18 02 2015

HitsHits” begins with a title card that recalls the one preceding 2013’s “American Hustle.”  This one says, “Based on a true story … that hasn’t happened yet.”  In other words, it marks writer/director David Cross’ way of saying that he wants to kvetch endlessly about the present day under the guise of satirization.

Maybe I’m still a little bit defensive about that horrendous TIME Magazine cover calling millennials “The Me Me Me Generation,” as if the generations before us have a spotless record and never posed any worry for their parents.  Nonetheless, I cannot help but get annoyed by vast generalizations about the youth these days as disgusting, device-addicted narcissists.  It is certainly true of many people, and I will not deny it; the world just needs some positive images of us.

That virality is one of the chief virtues of our society is certainly no secret, nor is the triumph of fame over hard-earned success.  Cross, though, seems to act as if he is delivering a message sent from heaven to enlighten us idiots.  “Hits” aims to pick only the lowest hanging fruit and juice it for cheap laughs.  (At least he picks up on an equally ludicrous breed, the self-righteous Gen X social media activist.)

Beyond the handicap of simply recapitulating the obvious, Cross’ first foray into feature filmmaking just cannot sustain its 90 minute runtime.  The characters that populate his ridiculous universe scarcely possess the depth for a comedy sketch; expecting them to remain entertaining and engaging for an entire movie is preposterous.  They might work well for a web series, however, if Cross could add some depth of thought to an only slightly revamped stereotype of the vapid fame-seeker.   C2stars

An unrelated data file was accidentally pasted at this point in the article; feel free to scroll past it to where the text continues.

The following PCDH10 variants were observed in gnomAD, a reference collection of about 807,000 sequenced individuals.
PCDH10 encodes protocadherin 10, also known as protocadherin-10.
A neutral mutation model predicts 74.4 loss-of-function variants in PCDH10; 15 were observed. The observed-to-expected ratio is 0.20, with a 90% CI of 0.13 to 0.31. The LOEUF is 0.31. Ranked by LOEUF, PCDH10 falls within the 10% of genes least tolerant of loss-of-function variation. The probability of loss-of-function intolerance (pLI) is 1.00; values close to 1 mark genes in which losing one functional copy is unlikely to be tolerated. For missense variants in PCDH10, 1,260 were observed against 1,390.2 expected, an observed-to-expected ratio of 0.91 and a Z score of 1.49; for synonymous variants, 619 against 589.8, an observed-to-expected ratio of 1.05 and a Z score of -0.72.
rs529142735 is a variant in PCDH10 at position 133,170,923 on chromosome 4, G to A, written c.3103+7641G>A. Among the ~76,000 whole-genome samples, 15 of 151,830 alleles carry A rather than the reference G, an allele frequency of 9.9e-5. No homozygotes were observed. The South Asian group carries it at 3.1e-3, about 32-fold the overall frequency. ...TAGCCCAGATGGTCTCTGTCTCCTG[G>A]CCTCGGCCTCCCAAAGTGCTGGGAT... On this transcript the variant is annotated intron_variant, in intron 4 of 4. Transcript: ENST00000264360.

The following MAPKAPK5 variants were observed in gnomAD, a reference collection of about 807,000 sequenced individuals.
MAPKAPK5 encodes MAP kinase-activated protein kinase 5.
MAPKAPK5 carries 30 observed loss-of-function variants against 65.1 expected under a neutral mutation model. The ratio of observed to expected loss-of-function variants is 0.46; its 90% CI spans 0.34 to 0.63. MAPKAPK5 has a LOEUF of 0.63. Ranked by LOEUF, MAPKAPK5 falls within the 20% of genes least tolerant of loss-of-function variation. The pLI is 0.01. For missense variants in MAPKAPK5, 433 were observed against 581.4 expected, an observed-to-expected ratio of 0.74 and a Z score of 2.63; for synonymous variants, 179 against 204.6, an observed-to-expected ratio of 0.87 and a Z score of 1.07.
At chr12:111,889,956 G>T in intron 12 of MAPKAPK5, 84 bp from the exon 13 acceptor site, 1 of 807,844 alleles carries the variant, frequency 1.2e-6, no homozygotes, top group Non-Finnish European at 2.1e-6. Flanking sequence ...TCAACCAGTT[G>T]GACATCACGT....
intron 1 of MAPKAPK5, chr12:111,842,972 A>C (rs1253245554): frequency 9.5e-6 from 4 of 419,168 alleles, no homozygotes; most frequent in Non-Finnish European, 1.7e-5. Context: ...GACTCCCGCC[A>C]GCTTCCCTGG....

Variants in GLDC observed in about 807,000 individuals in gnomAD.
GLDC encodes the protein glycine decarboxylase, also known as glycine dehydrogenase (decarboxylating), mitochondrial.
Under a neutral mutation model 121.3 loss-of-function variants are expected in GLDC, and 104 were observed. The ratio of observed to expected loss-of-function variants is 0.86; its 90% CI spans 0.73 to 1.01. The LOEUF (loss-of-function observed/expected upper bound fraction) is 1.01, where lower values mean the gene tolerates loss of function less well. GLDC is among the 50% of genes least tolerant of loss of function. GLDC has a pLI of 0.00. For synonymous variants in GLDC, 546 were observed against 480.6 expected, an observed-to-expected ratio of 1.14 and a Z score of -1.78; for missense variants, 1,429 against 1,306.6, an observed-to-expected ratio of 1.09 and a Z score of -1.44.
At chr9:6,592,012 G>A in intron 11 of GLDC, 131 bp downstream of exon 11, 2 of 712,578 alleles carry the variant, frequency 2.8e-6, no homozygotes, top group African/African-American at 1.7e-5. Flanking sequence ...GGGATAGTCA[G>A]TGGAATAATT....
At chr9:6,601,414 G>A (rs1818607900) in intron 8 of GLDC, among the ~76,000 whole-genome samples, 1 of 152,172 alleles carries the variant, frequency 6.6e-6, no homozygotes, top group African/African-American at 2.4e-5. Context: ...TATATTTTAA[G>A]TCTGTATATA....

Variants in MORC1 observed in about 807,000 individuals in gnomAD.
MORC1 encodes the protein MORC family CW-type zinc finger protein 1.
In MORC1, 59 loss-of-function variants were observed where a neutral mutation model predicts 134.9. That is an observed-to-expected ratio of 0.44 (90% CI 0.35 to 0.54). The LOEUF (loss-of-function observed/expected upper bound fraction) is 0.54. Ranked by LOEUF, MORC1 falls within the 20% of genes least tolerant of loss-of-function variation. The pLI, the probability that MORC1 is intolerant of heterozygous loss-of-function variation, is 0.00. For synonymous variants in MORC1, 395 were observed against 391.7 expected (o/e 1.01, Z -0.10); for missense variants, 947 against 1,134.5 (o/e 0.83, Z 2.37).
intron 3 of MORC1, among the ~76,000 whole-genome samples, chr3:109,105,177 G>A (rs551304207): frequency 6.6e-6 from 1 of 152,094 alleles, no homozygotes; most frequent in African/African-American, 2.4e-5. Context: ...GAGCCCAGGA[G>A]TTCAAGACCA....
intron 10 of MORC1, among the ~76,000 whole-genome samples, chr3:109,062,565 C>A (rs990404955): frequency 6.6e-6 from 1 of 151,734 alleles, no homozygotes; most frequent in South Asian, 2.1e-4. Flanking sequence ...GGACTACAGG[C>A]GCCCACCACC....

REVIEW: Kung Fu Panda 2

5 06 2011

Is it so wrong that I love “Kung Fu Panda 2” in spite of all of its unoriginality and lack of creativity?  Is it so terrible that I’m totally won over by an overweight panda who can do kung fu as well as he can eat?  Is it so strange that a village of adorable pigs and bunnies makes me feel like I’m five years old again?

While the sequel is hardly as entertaining and funny as the original “Kung Fu Panda,” Po and the rest of the Furious Five are still a joy to watch.  The movie still possesses that charm that made me watch the first installment countless times on HBO while eating dinner, and it proves once again to be infectious as it melts down whatever barriers are hardening your heart.  It’s also a movie that’s easy on the eyes with appealing action and fun graphics, evincing the slow closing of the gap between Pixar and everyone else with a computer.

This “Kung Fu Panda” is all about daddy issues as the movie’s two storylines both deal with characters coming to grips with decisions made by their parents.  The evil peacock Shen (voiced by the always creepy Gary Oldman) orders a genocide of pandas to prevent the fulfilling of a prophecy that one would defeat him, thus leaving his parents with no choice but to exile him.  When Shen returns to power, the Dragon Warrior Po (Jack Black) starts to question where he really came from.  His goose father, Mr. Ping, has few answers, so Po is largely on his own.  However, his kung fu companions, known as the Furious Five (and featuring the voices of Angelina Jolie, Seth Rogen, Jackie Chan, Lucy Liu, and David Cross) have big issues that they have to deal with, namely Shen’s reappearance which threatens to dismantle the art of kung fu.  But as their journey progresses, Po finds that the questions about his parents may relate to Shen’s avarice and malice in shocking ways.